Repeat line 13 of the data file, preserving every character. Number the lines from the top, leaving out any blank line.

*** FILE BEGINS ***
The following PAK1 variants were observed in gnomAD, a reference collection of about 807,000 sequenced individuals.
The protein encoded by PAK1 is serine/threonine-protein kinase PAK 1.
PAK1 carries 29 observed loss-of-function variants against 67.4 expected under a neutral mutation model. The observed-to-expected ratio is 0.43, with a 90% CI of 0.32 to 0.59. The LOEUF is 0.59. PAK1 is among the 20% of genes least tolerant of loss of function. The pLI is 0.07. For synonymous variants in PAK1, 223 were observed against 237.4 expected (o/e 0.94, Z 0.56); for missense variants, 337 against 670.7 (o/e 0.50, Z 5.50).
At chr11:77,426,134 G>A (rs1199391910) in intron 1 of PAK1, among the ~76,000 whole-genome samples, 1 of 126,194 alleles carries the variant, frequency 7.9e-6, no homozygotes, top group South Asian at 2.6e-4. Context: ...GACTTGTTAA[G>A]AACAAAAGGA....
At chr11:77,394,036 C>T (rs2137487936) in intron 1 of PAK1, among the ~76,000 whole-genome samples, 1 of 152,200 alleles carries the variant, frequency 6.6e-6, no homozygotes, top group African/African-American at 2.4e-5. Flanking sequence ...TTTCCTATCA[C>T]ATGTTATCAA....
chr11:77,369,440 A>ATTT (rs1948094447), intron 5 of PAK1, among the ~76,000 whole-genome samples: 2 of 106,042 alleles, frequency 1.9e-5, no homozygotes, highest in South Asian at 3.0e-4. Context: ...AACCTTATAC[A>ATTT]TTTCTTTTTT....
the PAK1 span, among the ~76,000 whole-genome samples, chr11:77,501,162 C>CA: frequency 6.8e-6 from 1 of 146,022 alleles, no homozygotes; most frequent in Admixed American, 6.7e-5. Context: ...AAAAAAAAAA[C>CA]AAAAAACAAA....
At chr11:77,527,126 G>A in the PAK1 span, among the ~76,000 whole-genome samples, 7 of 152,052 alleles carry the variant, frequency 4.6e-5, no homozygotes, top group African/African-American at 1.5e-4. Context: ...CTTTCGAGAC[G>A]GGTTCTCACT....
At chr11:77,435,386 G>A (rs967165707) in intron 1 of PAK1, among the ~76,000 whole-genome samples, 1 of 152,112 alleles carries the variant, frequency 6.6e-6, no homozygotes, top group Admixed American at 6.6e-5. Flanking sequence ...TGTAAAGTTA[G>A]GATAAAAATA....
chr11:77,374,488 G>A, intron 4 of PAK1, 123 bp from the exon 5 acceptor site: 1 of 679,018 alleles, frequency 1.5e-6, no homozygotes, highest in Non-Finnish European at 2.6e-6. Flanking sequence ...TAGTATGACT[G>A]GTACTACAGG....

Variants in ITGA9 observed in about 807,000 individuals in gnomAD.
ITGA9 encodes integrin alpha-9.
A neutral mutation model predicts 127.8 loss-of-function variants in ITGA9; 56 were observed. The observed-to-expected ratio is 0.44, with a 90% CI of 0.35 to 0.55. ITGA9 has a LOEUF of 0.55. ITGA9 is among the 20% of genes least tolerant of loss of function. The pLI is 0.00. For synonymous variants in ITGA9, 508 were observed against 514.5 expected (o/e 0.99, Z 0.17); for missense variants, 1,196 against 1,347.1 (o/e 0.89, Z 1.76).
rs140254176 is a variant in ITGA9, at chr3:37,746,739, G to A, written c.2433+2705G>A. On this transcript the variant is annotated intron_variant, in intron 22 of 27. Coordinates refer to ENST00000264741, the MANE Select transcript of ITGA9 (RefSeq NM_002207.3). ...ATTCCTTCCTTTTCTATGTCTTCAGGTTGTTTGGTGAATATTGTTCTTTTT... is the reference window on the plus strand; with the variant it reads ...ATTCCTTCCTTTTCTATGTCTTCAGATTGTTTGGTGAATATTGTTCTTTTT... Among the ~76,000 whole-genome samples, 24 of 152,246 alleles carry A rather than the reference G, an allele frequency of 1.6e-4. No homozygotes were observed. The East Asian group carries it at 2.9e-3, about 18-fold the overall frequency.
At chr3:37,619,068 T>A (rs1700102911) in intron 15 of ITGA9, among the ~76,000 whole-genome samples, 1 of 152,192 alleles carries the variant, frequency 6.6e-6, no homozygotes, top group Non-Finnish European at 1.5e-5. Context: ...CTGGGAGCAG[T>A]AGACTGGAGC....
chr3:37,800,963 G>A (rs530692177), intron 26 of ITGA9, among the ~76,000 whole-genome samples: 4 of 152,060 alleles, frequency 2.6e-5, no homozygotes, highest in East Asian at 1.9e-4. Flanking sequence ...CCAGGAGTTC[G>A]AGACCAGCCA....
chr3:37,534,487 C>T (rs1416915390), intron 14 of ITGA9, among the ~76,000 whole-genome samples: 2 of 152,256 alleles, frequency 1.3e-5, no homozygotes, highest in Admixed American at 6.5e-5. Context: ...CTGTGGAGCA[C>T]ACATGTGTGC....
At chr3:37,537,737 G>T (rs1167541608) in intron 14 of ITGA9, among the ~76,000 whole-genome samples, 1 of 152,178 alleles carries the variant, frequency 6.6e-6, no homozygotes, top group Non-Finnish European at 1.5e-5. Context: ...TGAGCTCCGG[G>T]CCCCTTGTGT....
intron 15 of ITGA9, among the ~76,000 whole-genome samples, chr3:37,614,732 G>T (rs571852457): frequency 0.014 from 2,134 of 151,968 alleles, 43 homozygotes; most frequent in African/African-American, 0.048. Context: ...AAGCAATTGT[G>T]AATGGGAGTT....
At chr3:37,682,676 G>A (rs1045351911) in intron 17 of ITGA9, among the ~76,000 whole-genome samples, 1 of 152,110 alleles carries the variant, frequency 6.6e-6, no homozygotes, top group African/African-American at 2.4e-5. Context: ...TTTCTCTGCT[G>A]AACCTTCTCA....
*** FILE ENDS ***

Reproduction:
A neutral mutation model predicts 127.8 loss-of-function variants in ITGA9; 56 were observed. The observed-to-expected ratio is 0.44, with a 90% CI of 0.35 to 0.55. ITGA9 has a LOEUF of 0.55. ITGA9 is among the 20% of genes least tolerant of loss of function. The pLI is 0.00. For synonymous variants in ITGA9, 508 were observed against 514.5 expected (o/e 0.99, Z 0.17); for missense variants, 1,196 against 1,347.1 (o/e 0.89, Z 1.76).